The Rentschler House is a historic residence in the city of Hamilton, Ohio, United States. Constructed at the turn of the 20th century, it has been named a historic site.
Born in the Kingdom of Württemberg in 1846, Georg Adam Rentschler settled in Hamilton at the age of 27. He soon became the manager of a foundry in the city, and by age 30 was one of the partners in the cast iron manufacturing firm of Sohn and Rentschler. Rentschler's career in Hamilton spanned fifty years; he gained more commercial importance than any other immigrant in Hamilton's history, and he contributed to the city's growth from riverside village to small urban center. Succeeding generations of his family followed in his manufacturing footsteps and further embellished the lustre of the name of Rentschler, and it was ultimately home to Rentschler's children and members of succeeding generations.
Rentschler's house was built in 1901, featuring a slate roof above walls of sandstone and brick, along with miscellaneous sandstone and wood elements. Three stories tall, the house is irregular in plan. A large symmetrical porch crowned with a pediment surrounds the house's main entrance, but few other elements of the facade balance each other; even the dormer windows face in all directions, whether placed in the house's rounded, pyramidal, or gable roofs. An iron fence surrounds the house, which displays some Neoclassical influences in much of its design.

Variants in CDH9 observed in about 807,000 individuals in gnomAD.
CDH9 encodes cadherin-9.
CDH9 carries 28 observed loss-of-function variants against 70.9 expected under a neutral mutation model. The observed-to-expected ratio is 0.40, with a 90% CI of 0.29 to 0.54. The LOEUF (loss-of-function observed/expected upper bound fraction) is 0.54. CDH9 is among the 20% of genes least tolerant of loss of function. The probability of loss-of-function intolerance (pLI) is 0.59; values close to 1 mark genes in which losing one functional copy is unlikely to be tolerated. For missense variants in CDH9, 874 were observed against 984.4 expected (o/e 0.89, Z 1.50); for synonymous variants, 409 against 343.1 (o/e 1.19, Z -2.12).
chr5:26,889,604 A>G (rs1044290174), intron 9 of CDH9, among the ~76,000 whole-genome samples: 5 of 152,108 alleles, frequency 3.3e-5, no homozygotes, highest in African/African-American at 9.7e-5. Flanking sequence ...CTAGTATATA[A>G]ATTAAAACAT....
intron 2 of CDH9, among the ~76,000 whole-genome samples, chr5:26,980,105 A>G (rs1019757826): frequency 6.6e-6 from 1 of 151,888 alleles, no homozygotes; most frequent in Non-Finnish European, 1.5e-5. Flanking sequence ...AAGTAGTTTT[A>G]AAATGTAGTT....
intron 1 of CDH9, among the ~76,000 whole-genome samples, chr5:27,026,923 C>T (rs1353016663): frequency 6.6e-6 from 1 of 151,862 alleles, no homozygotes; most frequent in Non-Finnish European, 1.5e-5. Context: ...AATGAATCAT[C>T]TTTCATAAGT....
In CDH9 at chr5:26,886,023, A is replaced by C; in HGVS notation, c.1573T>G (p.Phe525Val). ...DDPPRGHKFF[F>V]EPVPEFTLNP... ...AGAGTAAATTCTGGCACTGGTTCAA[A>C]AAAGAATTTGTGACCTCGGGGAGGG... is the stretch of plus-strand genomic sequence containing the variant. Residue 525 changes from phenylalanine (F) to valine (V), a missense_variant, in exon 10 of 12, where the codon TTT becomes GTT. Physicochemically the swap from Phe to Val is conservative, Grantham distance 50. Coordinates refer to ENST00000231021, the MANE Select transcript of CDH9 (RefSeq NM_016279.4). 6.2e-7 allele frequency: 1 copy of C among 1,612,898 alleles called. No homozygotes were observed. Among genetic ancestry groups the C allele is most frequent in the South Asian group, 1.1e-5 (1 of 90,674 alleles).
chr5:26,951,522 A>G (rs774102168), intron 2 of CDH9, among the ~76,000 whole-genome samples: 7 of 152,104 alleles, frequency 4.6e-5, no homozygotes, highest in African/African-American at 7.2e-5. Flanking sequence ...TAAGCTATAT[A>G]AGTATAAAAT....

In April 1983, the Rentschler House was listed on the National Register of Historic Places, qualifying both because of its historically significant architecture and because of its connection to Rentschler himself. Two months later, the Dayton-Campbell Historic District was declared primarily along Dayton Street, including the lot at 643 Dayton on which the Rentschler House is located.